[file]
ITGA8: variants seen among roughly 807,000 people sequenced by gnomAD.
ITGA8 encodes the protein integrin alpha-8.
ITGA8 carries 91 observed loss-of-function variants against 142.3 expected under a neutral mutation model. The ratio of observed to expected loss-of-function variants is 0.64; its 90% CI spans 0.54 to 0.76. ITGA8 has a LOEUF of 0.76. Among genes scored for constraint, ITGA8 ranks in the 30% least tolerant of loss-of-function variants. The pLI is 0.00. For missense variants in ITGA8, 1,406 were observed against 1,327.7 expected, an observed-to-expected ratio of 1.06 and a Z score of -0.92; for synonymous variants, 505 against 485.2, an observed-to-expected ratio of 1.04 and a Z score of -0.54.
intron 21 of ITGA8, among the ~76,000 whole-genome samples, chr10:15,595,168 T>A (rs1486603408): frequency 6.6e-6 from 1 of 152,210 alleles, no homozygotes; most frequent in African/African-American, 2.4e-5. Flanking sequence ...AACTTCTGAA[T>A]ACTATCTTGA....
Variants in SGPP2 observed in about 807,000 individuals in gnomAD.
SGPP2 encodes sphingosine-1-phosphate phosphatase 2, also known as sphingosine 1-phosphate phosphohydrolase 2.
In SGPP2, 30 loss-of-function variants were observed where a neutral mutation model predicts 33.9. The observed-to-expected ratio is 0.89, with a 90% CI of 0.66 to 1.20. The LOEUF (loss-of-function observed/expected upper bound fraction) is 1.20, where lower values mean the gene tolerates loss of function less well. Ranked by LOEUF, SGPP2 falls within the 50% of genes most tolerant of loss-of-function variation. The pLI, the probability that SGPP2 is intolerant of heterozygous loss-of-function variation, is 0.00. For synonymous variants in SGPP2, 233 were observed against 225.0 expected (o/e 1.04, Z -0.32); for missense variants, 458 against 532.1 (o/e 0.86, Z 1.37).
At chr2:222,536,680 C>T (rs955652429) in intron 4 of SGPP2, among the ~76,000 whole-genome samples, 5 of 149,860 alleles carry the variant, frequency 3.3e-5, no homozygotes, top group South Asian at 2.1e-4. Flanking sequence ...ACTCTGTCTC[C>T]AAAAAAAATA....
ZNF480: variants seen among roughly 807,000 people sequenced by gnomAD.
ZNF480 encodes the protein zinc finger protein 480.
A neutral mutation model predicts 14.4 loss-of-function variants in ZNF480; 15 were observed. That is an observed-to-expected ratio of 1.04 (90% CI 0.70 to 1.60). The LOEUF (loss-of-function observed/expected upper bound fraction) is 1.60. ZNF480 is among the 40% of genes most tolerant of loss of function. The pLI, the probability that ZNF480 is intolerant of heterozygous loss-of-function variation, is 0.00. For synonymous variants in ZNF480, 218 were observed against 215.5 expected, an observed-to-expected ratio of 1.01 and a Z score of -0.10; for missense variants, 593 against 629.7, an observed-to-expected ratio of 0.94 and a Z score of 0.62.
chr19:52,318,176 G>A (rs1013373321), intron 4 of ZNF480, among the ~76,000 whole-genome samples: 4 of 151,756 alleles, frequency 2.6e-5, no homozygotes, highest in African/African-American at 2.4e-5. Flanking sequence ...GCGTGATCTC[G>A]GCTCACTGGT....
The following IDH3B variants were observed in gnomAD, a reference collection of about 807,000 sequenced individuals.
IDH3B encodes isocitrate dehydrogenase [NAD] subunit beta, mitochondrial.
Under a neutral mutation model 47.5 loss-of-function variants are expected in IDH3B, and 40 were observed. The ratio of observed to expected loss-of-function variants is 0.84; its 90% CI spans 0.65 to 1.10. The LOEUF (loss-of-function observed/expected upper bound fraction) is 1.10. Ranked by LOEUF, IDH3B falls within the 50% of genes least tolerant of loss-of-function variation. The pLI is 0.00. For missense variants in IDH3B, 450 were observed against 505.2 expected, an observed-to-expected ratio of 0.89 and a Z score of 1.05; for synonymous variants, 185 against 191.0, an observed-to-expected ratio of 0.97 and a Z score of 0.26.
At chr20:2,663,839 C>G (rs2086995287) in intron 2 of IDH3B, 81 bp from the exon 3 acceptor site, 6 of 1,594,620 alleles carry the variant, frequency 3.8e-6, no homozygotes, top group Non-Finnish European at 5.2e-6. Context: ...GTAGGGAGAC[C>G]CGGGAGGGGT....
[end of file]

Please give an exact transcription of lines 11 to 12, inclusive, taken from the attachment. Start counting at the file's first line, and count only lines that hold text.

A neutral mutation model predicts 14.4 loss-of-function variants in ZNF480; 15 were observed. That is an observed-to-expected ratio of 1.04 (90% CI 0.70 to 1.60). The LOEUF (loss-of-function observed/expected upper bound fraction) is 1.60. ZNF480 is among the 40% of genes most tolerant of loss of function. The pLI, the probability that ZNF480 is intolerant of heterozygous loss-of-function variation, is 0.00. For synonymous variants in ZNF480, 218 were observed against 215.5 expected, an observed-to-expected ratio of 1.01 and a Z score of -0.10; for missense variants, 593 against 629.7, an observed-to-expected ratio of 0.94 and a Z score of 0.62.
chr19:52,318,176 G>A (rs1013373321), intron 4 of ZNF480, among the ~76,000 whole-genome samples: 4 of 151,756 alleles, frequency 2.6e-5, no homozygotes, highest in African/African-American at 2.4e-5. Flanking sequence ...GCGTGATCTC[G>A]GCTCACTGGT....